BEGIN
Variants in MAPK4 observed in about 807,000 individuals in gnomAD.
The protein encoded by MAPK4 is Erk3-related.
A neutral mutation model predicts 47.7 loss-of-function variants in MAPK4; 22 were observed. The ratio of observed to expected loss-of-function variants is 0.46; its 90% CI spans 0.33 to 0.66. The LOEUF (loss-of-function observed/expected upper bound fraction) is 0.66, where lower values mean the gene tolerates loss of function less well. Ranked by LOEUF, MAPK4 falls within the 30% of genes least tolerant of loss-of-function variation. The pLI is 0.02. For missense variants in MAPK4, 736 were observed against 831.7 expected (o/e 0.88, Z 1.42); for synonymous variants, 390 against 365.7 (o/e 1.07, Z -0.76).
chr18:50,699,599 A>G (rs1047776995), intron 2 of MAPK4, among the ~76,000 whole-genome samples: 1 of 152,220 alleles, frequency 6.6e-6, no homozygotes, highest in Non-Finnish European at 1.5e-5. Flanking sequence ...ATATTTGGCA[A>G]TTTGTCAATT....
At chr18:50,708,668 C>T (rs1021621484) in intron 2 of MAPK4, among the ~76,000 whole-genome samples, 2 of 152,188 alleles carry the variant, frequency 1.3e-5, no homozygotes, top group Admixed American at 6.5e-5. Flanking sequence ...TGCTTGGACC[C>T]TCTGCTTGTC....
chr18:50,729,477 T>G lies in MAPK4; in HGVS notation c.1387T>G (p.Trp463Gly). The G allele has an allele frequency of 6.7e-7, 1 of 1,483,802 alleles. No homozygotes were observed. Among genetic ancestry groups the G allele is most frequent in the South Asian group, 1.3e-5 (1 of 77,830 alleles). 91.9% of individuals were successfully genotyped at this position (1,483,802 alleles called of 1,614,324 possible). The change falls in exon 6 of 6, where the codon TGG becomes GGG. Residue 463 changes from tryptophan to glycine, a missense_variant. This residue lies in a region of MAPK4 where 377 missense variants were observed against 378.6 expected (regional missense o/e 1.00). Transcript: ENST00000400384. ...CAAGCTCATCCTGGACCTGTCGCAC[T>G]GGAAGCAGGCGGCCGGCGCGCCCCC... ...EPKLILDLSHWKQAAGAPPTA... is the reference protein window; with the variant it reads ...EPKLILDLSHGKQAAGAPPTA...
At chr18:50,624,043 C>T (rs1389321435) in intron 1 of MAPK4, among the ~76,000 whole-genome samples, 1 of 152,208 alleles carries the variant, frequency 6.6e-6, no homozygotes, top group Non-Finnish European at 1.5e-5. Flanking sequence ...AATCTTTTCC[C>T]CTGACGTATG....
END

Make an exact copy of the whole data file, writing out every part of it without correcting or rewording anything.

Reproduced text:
Variants in MAPK4 observed in about 807,000 individuals in gnomAD.
The protein encoded by MAPK4 is Erk3-related.
A neutral mutation model predicts 47.7 loss-of-function variants in MAPK4; 22 were observed. The ratio of observed to expected loss-of-function variants is 0.46; its 90% CI spans 0.33 to 0.66. The LOEUF (loss-of-function observed/expected upper bound fraction) is 0.66, where lower values mean the gene tolerates loss of function less well. Ranked by LOEUF, MAPK4 falls within the 30% of genes least tolerant of loss-of-function variation. The pLI is 0.02. For missense variants in MAPK4, 736 were observed against 831.7 expected (o/e 0.88, Z 1.42); for synonymous variants, 390 against 365.7 (o/e 1.07, Z -0.76).
chr18:50,699,599 A>G (rs1047776995), intron 2 of MAPK4, among the ~76,000 whole-genome samples: 1 of 152,220 alleles, frequency 6.6e-6, no homozygotes, highest in Non-Finnish European at 1.5e-5. Flanking sequence ...ATATTTGGCA[A>G]TTTGTCAATT....
At chr18:50,708,668 C>T (rs1021621484) in intron 2 of MAPK4, among the ~76,000 whole-genome samples, 2 of 152,188 alleles carry the variant, frequency 1.3e-5, no homozygotes, top group Admixed American at 6.5e-5. Flanking sequence ...TGCTTGGACC[C>T]TCTGCTTGTC....
chr18:50,729,477 T>G lies in MAPK4; in HGVS notation c.1387T>G (p.Trp463Gly). The G allele has an allele frequency of 6.7e-7, 1 of 1,483,802 alleles. No homozygotes were observed. Among genetic ancestry groups the G allele is most frequent in the South Asian group, 1.3e-5 (1 of 77,830 alleles). 91.9% of individuals were successfully genotyped at this position (1,483,802 alleles called of 1,614,324 possible). The change falls in exon 6 of 6, where the codon TGG becomes GGG. Residue 463 changes from tryptophan to glycine, a missense_variant. This residue lies in a region of MAPK4 where 377 missense variants were observed against 378.6 expected (regional missense o/e 1.00). Transcript: ENST00000400384. ...CAAGCTCATCCTGGACCTGTCGCAC[T>G]GGAAGCAGGCGGCCGGCGCGCCCCC... ...EPKLILDLSHWKQAAGAPPTA... is the reference protein window; with the variant it reads ...EPKLILDLSHGKQAAGAPPTA...
At chr18:50,624,043 C>T (rs1389321435) in intron 1 of MAPK4, among the ~76,000 whole-genome samples, 1 of 152,208 alleles carries the variant, frequency 6.6e-6, no homozygotes, top group Non-Finnish European at 1.5e-5. Flanking sequence ...AATCTTTTCC[C>T]CTGACGTATG....